Record Display for the EPA National Library Catalog

RECORD NUMBER: 16 OF 21

OLS Field Name OLS Field Data
Main Title Physical and Chemical Characterization of Indoor Aerosols Resulting from the Use of Tap Water in Portable Home Humidifiers.
Author Highsmith, V. R. ; Hardy, R. J. ; Costa, D. L. ; Germani, M. S. ;
CORP Author Environmental Protection Agency, Research Triangle Park, NC. Atmospheric Research and Exposure Assessment Lab. ;Morrison-Knudsen Co., Inc., Boise, ID. ;McCrone Associates, Inc., Westmont, IL.
Publisher c1992
Year Published 1992
Report Number EPA/600/J-92/187;
Stock Number PB92-188937
Additional Subjects Aerosols ; Water ; Air quality ; Houses ; Potable water ; Humidifiers ; Inorganic salts ; Water analysis ; Indoor air pollution ; Reprints ; Boise(Idaho) ; Bottled water
Holdings
Library Call Number Additional Info Location Last
Modified
Checkout
Status
NTIS  PB92-188937 Most EPA libraries have a fiche copy filed under the call number shown. Check with individual libraries about paper copy. NTIS 08/22/1992
Collation 10p
Abstract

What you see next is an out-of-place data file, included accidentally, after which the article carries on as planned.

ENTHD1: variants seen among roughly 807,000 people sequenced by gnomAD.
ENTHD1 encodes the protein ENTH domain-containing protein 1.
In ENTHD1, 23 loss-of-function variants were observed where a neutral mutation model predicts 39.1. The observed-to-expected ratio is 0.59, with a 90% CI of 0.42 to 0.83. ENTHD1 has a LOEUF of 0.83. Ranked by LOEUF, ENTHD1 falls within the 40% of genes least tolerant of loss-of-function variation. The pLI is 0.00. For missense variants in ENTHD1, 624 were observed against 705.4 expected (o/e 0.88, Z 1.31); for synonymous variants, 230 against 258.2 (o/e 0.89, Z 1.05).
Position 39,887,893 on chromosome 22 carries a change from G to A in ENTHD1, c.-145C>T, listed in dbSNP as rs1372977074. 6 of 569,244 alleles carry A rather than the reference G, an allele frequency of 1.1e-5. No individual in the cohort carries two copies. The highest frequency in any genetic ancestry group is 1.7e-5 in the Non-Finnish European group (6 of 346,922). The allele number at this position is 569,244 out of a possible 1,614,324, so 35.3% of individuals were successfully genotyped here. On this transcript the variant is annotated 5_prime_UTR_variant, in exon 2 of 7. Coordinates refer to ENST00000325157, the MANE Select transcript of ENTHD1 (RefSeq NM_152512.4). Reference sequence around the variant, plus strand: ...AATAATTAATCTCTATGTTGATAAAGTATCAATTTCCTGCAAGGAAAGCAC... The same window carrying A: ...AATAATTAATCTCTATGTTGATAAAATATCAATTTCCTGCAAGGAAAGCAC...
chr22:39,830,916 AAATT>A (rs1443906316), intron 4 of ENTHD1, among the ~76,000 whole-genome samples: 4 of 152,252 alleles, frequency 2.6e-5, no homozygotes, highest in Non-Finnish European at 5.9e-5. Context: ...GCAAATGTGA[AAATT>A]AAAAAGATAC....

An indoor air quality study was conducted in Boise, ID, residences to evaluate the range of aerosol concentrations that result from using tap water in portable home humidifiers and to characterize the physical and chemical properties of the humidifier aerosol. Aerosols having particles smaller than 10 micrometers (PM10) concentrations exceeded 650 microgram/cu m and 7000 microgram/cu m when an ultrasonic humidifier, charged with tap water containing 303 mg/L of dissolved impurities, was operated under whole-house and single-room conditions, respectively. Elements measured in high concentrations were uniformly present as soluble salts in both the fine and coarse particles with small differences observed between the ultrasonic and impeller humidifier-generated aerosols. In a separate study, nearly 50% of 39 samples of U.S. commercial bottled waters collected had dissolved mineral concentrations exceeding 10 mg/L while 4 samples exceeded 100 mg/L. The results of the limited-scale study suggest that personal exposures to ultrasonic and impeller humidifier-generated aerosols can be minimized by using water of low impurities.